Innovations in the fields of health, the environment, education and technology are continuously improving the lives of millions in the developed world, but the benefits are slower to reach third-world countries.
To make it easier for bright minds to access developing countries, Tel Aviv University yesterday launched the Pears Challenge – a competition for Israeli entrepreneurs that will provide training and support over three months for innovators of international development. The program’s scope will cover agriculture, water, health, renewable energy, education and information technology.
Award-Winning NGO Brings Israeli Innovation To Africa
Israeli Teacher’s Rain Harvesting Method To Help Africans
“The fast-growing demand for tech in these fields is in the developing world, so there’s more and more opportunities for Israelis to move into these fields. Additionally, this program offers a chance for truly satisfying, meaningful work that can bring about a real change for people in need,” said Doctor Aliza Belman Inbal, director of the program.
Bringing Israeli innovation to the developing world
The competition, held annually, launched yesterday at the Google Campus in Tel Aviv. The launch included educational activities, such as discussions by experts regarding the needs and challenges in various fields. The potential applicants will then have the chance to brainstorm and team up. In the final step, the teams will be instructed on how to do business in developing countries. They will also be able to put together a business plan and begin to work on their respective products. At the end of the challenge, one lucky team will win a 10-day trip to launch a pilot for their product in a developing country.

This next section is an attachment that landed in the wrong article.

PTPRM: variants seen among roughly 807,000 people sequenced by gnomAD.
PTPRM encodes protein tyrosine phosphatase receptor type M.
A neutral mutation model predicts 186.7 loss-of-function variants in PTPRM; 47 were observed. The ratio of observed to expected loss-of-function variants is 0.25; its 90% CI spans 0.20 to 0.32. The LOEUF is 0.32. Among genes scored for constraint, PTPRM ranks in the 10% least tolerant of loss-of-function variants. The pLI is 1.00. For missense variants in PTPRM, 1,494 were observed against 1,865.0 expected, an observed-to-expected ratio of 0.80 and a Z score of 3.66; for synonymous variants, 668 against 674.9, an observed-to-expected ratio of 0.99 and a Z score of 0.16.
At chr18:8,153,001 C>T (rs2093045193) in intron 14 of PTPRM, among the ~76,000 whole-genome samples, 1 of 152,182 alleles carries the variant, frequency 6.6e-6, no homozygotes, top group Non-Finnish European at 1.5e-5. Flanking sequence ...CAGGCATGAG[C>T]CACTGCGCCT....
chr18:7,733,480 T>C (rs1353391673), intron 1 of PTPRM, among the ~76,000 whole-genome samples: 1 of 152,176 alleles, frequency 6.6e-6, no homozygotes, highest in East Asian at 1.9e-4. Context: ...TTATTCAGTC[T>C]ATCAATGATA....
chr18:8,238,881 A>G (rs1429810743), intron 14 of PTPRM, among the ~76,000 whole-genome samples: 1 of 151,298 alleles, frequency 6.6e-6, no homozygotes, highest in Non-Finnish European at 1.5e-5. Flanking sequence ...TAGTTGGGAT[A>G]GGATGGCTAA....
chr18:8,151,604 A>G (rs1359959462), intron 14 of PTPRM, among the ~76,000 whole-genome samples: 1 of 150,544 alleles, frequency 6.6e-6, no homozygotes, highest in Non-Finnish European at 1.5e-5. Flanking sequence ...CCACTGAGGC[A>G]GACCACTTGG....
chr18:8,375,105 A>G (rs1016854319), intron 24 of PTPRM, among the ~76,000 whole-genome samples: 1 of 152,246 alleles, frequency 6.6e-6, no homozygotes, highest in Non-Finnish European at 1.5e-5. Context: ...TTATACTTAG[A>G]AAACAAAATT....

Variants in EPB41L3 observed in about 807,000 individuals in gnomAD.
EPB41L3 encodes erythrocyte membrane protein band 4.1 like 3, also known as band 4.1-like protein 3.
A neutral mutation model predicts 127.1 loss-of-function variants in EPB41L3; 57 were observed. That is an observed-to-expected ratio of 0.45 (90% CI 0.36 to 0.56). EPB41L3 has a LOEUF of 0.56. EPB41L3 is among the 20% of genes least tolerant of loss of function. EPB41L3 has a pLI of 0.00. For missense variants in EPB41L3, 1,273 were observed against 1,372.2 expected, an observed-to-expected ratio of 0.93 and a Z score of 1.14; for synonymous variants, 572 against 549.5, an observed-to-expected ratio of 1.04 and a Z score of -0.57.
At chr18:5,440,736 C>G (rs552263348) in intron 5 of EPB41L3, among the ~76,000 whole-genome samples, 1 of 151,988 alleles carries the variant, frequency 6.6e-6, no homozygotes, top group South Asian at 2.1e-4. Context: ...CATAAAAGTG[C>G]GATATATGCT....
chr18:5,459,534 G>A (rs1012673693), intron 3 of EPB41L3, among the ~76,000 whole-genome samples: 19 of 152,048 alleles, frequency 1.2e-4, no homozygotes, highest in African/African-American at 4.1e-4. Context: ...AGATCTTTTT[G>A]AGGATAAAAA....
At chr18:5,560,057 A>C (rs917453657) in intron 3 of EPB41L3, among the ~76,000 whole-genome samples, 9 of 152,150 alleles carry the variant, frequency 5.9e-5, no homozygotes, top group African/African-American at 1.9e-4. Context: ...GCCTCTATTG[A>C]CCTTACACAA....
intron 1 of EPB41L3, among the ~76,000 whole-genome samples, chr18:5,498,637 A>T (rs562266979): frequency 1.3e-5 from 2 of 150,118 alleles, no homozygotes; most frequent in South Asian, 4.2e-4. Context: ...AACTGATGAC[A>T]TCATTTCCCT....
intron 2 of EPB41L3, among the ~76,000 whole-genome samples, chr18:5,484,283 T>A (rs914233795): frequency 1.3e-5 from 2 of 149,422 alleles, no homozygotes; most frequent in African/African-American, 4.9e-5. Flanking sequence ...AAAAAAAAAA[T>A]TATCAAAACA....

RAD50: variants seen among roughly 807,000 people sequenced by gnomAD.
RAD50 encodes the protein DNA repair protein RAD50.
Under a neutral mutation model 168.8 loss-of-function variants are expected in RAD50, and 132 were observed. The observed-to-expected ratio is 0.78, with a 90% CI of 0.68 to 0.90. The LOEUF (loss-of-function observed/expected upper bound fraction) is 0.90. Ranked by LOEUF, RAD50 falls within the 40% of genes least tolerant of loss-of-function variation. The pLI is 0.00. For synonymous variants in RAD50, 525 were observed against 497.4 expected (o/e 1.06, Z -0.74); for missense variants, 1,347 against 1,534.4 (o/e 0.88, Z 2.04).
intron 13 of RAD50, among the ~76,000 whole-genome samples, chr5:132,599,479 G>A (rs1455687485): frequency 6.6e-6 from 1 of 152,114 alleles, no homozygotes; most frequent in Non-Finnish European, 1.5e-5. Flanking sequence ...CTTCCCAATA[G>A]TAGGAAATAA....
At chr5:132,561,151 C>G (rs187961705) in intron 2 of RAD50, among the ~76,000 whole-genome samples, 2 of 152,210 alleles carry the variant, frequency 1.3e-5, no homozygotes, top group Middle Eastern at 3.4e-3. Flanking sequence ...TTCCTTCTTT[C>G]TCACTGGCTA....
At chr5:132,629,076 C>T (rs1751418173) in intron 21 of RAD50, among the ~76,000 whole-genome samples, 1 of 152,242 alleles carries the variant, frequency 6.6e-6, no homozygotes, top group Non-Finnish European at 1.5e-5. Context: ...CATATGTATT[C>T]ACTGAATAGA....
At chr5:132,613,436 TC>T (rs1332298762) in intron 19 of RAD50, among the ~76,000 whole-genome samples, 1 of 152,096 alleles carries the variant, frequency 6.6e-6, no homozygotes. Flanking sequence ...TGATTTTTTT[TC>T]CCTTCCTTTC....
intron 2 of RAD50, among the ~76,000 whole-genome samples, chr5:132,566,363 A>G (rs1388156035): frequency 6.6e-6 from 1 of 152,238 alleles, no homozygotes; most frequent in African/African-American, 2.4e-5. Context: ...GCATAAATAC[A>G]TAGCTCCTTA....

Inbal hopes the new competitions will open the eyes of Israeli innovators and young entrepreneurs to the opportunities in developing countries and show an alternative to constantly seeking success in the US, Western Europe and other developed countries. “Africa, Asia and Latin America have enormous potential and we need to raise people’s awareness of that in Israel,” she explained.
The challenge was brought by the Pears Program for Innovation and International Development at Tel Aviv University’s Hartog School of Government and Policy. The deadline to apply to the program – which is open to researchers, entrepreneurs, NGOs and businesses with up to 100 employees – is March 31, 2014.